Part 4 of 5: Concerns for parents—how to monitor your child's usage; what's your financial responsibility?

How can parents be sure that their children are doing what they are supposed to with their school-provided computer? After all, the “Internet generation” was so named for a reason: they tend to be more technology-inclined than their parents. The fact has not gone unaddressed by area schools.
“We are giving (students) a device to take home that could be harmful to them,” said Culver Community High School principal Albert Hanselman.
Now that one-to-one allows students to take their computers home, parents may experience some worry about how to monitor their child’s computer time.
School filtering systems are in place to block objectionable content on school grounds and at home, according to LaVille principal Chuck Phillips.
“Anything blocked here is blocked at home,” said Phillips, adding that websites blocked include Facebook, YouTube, iTunes, and PhotoBooth.
When teachers need to use one of these sites, they get them unblocked by the school’s technology department.
Other schools doing one to one have employed some of the same filtering techniques. Unfortunately, Plymouth High School’s system may be too secure.
Kameron Eisenhour, 11th grade, demonstrated how his MacBook would not allow him to look up word definitions on
Senior Sam Hellinga said that she likes using her computer better at home, because “there aren’t all these crazy locks.” Hellinga said that she has experienced trouble getting onto websites that shouldn’t be blocked.
Ben Waymouth, PCSC director of media literacy, said that the filtering system is not perfect, but that the school is “trying to err on the side of caution.”
If students do have problems, Waymouth said that they can contact the technology department or visit the group of students trained by Apple to handle problems.
To help parents keep abreast of the shift to computers, Lincoln Jr. High held four informative workshops before the beginning of the school year.
Principal Dan Funston said the workshops were attended by about 300 parents.
“We showed the parents how to monitor in these workshops,” said Funston.
Funston added that parents were given their student’s username and password so they could check up on them and make sure they are using the computer for school work only.
Hanselman recommended several steps that parents could take to monitor their child’s computer use: first, limit the time the child is on the computer and make sure they stay in a common room, said Hanseman.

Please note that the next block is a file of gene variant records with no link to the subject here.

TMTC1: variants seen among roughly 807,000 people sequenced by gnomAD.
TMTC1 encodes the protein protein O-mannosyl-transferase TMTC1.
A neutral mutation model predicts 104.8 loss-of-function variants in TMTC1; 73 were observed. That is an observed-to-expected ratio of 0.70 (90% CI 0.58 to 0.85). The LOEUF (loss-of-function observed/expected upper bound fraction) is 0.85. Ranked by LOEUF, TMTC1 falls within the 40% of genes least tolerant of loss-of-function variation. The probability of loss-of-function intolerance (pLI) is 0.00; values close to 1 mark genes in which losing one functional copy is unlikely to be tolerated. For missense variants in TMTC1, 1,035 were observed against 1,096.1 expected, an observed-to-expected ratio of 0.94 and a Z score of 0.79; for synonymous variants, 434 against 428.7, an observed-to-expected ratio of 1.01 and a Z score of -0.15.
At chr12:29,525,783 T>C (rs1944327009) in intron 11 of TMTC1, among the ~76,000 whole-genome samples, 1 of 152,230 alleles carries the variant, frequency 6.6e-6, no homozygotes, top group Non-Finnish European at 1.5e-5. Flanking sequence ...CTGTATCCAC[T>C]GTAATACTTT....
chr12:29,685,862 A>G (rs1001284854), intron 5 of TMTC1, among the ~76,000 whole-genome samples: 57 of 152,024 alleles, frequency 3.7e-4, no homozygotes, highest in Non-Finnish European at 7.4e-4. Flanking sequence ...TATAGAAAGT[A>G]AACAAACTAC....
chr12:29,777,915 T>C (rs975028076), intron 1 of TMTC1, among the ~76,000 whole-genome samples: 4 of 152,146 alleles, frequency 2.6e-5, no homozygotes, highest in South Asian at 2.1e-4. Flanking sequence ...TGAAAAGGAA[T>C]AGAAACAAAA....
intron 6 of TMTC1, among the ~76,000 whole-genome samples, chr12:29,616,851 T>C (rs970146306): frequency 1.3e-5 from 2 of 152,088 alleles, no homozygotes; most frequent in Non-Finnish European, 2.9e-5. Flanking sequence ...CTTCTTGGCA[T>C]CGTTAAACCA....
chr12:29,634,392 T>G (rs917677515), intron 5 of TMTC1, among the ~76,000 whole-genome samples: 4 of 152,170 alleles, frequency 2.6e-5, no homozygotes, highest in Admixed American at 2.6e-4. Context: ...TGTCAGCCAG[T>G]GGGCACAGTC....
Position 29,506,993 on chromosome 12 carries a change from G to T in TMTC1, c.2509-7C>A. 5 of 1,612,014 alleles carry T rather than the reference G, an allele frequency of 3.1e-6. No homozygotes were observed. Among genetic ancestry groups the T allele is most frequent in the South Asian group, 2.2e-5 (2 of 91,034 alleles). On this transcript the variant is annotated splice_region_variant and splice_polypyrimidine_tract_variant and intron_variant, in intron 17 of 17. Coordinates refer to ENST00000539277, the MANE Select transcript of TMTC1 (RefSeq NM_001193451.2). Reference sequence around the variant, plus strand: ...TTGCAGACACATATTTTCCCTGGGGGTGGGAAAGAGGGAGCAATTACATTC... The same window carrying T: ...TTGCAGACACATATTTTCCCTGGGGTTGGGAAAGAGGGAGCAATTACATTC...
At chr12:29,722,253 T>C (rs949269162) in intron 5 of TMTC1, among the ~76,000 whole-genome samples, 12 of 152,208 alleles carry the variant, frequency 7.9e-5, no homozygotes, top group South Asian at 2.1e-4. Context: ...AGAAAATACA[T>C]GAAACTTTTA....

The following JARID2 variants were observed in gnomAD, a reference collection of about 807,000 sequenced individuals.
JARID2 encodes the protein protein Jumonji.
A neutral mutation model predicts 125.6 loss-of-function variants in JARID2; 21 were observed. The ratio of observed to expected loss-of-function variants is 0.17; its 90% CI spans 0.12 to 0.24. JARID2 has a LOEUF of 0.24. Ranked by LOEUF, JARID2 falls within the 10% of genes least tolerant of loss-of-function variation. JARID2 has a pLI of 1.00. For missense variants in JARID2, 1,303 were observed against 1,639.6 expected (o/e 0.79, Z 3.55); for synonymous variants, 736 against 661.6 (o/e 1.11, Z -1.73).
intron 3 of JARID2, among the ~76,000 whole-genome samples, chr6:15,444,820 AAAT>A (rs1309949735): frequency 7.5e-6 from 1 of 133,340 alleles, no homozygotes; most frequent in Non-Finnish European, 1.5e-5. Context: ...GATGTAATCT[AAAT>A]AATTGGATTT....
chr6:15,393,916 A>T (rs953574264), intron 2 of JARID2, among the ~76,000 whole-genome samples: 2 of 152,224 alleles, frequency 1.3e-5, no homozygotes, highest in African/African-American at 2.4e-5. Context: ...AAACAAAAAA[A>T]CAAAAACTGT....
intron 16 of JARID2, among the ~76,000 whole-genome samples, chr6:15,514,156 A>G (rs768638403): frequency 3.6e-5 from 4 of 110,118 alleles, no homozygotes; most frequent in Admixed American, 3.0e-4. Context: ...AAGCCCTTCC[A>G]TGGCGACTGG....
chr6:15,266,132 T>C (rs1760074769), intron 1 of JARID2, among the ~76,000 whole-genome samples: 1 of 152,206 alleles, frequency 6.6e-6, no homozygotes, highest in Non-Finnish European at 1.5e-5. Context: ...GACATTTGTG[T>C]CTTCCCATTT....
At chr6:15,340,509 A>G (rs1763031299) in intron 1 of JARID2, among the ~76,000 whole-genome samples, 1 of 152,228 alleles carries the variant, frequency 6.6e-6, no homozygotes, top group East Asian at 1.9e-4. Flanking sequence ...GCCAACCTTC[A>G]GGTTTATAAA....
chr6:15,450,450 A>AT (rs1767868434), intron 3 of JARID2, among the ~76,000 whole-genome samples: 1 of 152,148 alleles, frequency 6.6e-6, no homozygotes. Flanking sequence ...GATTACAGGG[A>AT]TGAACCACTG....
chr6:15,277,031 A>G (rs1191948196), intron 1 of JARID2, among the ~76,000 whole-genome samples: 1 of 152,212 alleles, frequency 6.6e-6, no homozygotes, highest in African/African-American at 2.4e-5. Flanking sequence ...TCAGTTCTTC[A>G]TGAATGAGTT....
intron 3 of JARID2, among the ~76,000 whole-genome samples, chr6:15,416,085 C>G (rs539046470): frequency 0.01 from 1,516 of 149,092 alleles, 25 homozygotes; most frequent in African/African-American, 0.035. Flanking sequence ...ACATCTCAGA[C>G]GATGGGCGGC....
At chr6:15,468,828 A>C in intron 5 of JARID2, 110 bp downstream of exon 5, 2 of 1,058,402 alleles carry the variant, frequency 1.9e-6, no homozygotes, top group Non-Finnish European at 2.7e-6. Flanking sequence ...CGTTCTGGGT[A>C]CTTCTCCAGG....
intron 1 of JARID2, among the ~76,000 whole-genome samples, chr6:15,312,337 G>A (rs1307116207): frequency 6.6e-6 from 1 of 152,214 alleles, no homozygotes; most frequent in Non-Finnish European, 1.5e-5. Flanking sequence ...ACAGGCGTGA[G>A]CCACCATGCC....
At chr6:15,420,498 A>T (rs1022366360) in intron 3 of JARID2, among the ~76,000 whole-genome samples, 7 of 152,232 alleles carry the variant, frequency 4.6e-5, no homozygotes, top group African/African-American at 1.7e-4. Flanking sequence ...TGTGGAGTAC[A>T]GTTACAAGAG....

Secondly, ask your child to show you what they are working on, and check later to make sure they have done it.
Lastly, if parents have questions about activities their child engages in online, they can always ask the teachers what was assigned, said Hanselman.
“The Internet is a great tool if used correctly,” said Hanselman.
Culver Community Middle School principal Julie Berndt said that parents need to realize that while the technology may be new, the material is not.
“They’re doing the same stuff, they just don’t have a spiral notebook and a textbook,” said Berndt.
She added that the more students show their parents what they are doing, the better parents will feel about the move to technology.
In a recent Pilot News survey, 33 percent of responders said that they are concerned about parent’s financial responsibility for their child’s school-provided computer.
Most schools have issued the students protective cases, and instructed them that the devices are to be kept in the cases whenever they aren’t being used.
PHS junior Tyler Shumaker said that he is “worried” about breaking his MacBook.
“That’s why I’m taking very good care of it,” added Shumaker. “It’s never outside it’s case.”
Shumaker said that he likes using his computer to take notes because he is too hyper to write with pen and paper.
While Culver Community Schools offer an insurance option, other schools will be assessing minimal fees to parents if the computers break due to student irresponsibility.
“We have a daily chat about that,” said mom Terri Dehning, whose son Caleb is a sophomore at Culver.
Dehning said that their family has not opted to purchase insurance for Caleb’s iPad. The school, she said, encourages students to put their iPads inside the provided zippered case (referred to fondly as a “cocoon”) when not in use.
Funston said that if a student’s computer breaks because of an accident, the school will pay for damages. However, a fee will be charged if the computer breaks because of student irresponsibility: $50 for the first offense and $100 for the second.
“I don’t anticipate there would be a second time,” added Funston.
Funston also pointed out that the fees are similar to textbook replacement fees.
At LaVille, Phillips said that the school will be paying the warranty for the computers the first year, and after that would be offering insurance.
One LaVille student had already dropped their computer, but “we could fix that one,” said Phillips, laughing.
He added that students should use caution when leaving their power cables out around pets — animals have a tendency to gnaw on the cords.
More than one school reported that they are considering selling the computers to the students after their lease with Apple is up. This would enable students to keep a device they have had years to become familiar with.
“We’ve got some options there,” said Phillips.

Tomorrow: The future of technology at school: What to expect in the next few years.